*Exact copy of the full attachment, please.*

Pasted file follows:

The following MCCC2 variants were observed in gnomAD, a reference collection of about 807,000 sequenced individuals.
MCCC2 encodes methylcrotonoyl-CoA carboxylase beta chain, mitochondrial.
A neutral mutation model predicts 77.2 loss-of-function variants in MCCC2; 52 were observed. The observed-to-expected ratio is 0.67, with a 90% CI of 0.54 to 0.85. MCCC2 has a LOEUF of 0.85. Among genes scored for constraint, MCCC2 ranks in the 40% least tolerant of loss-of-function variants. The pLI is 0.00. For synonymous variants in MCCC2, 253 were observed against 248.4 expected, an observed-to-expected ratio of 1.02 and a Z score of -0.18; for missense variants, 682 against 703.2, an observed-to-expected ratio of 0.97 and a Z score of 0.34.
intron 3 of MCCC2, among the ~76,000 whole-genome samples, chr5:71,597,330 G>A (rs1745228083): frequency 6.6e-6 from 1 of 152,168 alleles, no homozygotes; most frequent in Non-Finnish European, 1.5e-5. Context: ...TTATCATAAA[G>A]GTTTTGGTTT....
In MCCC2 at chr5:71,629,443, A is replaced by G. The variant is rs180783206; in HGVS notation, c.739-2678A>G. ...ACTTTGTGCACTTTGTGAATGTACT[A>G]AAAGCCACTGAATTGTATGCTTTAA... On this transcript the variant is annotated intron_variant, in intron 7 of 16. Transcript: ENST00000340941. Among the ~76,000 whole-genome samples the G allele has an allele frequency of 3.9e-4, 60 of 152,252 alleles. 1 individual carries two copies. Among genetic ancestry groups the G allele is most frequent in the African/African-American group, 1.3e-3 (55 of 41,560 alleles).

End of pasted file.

The following MCCC2 variants were observed in gnomAD, a reference collection of about 807,000 sequenced individuals.
MCCC2 encodes methylcrotonoyl-CoA carboxylase beta chain, mitochondrial.
A neutral mutation model predicts 77.2 loss-of-function variants in MCCC2; 52 were observed. The observed-to-expected ratio is 0.67, with a 90% CI of 0.54 to 0.85. MCCC2 has a LOEUF of 0.85. Among genes scored for constraint, MCCC2 ranks in the 40% least tolerant of loss-of-function variants. The pLI is 0.00. For synonymous variants in MCCC2, 253 were observed against 248.4 expected, an observed-to-expected ratio of 1.02 and a Z score of -0.18; for missense variants, 682 against 703.2, an observed-to-expected ratio of 0.97 and a Z score of 0.34.
intron 3 of MCCC2, among the ~76,000 whole-genome samples, chr5:71,597,330 G>A (rs1745228083): frequency 6.6e-6 from 1 of 152,168 alleles, no homozygotes; most frequent in Non-Finnish European, 1.5e-5. Context: ...TTATCATAAA[G>A]GTTTTGGTTT....
In MCCC2 at chr5:71,629,443, A is replaced by G. The variant is rs180783206; in HGVS notation, c.739-2678A>G. ...ACTTTGTGCACTTTGTGAATGTACT[A>G]AAAGCCACTGAATTGTATGCTTTAA... On this transcript the variant is annotated intron_variant, in intron 7 of 16. Transcript: ENST00000340941. Among the ~76,000 whole-genome samples the G allele has an allele frequency of 3.9e-4, 60 of 152,252 alleles. 1 individual carries two copies. Among genetic ancestry groups the G allele is most frequent in the African/African-American group, 1.3e-3 (55 of 41,560 alleles).